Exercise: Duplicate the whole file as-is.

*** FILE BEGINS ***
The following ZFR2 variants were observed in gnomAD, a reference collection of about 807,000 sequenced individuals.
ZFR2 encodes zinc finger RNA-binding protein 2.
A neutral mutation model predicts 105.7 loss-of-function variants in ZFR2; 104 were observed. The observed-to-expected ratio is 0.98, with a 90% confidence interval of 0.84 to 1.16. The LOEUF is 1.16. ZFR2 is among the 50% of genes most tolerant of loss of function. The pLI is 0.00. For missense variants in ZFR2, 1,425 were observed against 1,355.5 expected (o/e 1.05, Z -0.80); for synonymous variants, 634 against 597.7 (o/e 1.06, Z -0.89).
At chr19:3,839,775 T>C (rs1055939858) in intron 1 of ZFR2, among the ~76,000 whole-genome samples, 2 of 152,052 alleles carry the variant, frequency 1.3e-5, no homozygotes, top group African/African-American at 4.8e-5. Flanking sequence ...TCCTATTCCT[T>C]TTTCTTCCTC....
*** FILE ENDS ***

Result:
The following ZFR2 variants were observed in gnomAD, a reference collection of about 807,000 sequenced individuals.
ZFR2 encodes zinc finger RNA-binding protein 2.
A neutral mutation model predicts 105.7 loss-of-function variants in ZFR2; 104 were observed. The observed-to-expected ratio is 0.98, with a 90% confidence interval of 0.84 to 1.16. The LOEUF is 1.16. ZFR2 is among the 50% of genes most tolerant of loss of function. The pLI is 0.00. For missense variants in ZFR2, 1,425 were observed against 1,355.5 expected (o/e 1.05, Z -0.80); for synonymous variants, 634 against 597.7 (o/e 1.06, Z -0.89).
At chr19:3,839,775 T>C (rs1055939858) in intron 1 of ZFR2, among the ~76,000 whole-genome samples, 2 of 152,052 alleles carry the variant, frequency 1.3e-5, no homozygotes, top group African/African-American at 4.8e-5. Flanking sequence ...TCCTATTCCT[T>C]TTTCTTCCTC....